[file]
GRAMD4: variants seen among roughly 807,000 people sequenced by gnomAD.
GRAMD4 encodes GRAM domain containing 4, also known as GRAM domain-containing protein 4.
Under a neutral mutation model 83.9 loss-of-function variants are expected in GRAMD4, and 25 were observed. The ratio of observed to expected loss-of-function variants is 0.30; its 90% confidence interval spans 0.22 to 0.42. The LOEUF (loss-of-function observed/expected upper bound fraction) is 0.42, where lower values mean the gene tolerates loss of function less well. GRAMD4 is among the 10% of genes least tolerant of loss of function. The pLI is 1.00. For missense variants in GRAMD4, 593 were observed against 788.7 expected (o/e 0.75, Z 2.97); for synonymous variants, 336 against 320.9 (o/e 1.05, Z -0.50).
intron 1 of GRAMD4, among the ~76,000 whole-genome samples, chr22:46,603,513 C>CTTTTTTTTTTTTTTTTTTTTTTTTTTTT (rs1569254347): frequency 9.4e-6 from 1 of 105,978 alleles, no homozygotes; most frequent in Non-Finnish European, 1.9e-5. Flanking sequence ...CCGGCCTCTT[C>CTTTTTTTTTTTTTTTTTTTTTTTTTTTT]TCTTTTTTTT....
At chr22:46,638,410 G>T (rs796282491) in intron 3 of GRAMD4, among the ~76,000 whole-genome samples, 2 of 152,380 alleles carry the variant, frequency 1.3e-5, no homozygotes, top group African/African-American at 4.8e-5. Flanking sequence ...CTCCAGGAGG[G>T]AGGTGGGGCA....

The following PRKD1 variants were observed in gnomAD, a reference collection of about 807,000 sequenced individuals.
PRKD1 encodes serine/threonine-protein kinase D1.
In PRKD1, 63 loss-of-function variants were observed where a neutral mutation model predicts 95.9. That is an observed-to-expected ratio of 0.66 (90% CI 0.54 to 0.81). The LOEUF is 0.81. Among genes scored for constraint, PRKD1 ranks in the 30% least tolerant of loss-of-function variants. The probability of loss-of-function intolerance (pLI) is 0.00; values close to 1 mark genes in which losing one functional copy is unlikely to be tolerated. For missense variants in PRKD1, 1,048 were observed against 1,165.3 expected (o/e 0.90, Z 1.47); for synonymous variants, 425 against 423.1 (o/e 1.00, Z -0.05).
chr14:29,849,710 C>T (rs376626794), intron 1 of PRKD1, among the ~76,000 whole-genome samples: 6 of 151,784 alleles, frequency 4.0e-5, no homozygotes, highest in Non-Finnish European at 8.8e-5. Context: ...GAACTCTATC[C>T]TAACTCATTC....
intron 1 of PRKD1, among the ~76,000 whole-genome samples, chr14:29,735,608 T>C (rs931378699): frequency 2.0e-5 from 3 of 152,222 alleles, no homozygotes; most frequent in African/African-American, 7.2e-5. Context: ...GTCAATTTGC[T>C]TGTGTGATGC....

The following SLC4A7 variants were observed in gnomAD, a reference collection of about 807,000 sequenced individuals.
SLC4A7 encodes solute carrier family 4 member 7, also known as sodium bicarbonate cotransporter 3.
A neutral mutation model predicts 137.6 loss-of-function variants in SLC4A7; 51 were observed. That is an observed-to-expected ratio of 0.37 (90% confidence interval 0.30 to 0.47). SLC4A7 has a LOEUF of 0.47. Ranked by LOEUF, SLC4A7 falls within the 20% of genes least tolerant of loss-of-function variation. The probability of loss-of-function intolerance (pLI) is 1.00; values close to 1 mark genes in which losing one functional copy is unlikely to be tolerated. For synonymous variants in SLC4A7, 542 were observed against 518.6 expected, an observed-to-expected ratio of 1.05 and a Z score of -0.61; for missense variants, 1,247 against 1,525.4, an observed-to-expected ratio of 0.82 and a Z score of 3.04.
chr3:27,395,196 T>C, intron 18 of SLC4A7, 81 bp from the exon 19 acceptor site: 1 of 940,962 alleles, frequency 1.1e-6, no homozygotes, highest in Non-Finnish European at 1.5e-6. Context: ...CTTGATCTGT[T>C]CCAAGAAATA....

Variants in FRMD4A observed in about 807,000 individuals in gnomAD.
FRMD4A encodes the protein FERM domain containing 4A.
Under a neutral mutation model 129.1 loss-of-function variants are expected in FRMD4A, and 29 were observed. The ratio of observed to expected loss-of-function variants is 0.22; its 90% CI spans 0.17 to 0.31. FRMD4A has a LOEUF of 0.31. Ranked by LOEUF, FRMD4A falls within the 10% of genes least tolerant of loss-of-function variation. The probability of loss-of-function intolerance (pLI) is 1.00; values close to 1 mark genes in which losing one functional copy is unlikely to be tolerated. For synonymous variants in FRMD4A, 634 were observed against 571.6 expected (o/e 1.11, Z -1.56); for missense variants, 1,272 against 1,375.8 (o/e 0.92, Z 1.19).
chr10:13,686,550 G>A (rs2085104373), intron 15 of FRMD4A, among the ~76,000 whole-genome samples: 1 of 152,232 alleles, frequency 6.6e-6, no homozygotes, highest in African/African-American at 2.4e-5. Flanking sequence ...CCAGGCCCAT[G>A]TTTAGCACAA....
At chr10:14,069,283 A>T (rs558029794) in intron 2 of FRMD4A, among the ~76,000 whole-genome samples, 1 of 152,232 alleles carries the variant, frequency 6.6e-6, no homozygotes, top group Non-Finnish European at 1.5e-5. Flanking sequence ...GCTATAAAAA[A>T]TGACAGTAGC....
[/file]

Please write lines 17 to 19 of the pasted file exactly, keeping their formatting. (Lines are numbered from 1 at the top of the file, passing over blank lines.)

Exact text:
Under a neutral mutation model 129.1 loss-of-function variants are expected in FRMD4A, and 29 were observed. The ratio of observed to expected loss-of-function variants is 0.22; its 90% CI spans 0.17 to 0.31. FRMD4A has a LOEUF of 0.31. Ranked by LOEUF, FRMD4A falls within the 10% of genes least tolerant of loss-of-function variation. The probability of loss-of-function intolerance (pLI) is 1.00; values close to 1 mark genes in which losing one functional copy is unlikely to be tolerated. For synonymous variants in FRMD4A, 634 were observed against 571.6 expected (o/e 1.11, Z -1.56); for missense variants, 1,272 against 1,375.8 (o/e 0.92, Z 1.19).
chr10:13,686,550 G>A (rs2085104373), intron 15 of FRMD4A, among the ~76,000 whole-genome samples: 1 of 152,232 alleles, frequency 6.6e-6, no homozygotes, highest in African/African-American at 2.4e-5. Flanking sequence ...CCAGGCCCAT[G>A]TTTAGCACAA....
At chr10:14,069,283 A>T (rs558029794) in intron 2 of FRMD4A, among the ~76,000 whole-genome samples, 1 of 152,232 alleles carries the variant, frequency 6.6e-6, no homozygotes, top group Non-Finnish European at 1.5e-5. Flanking sequence ...GCTATAAAAA[A>T]TGACAGTAGC....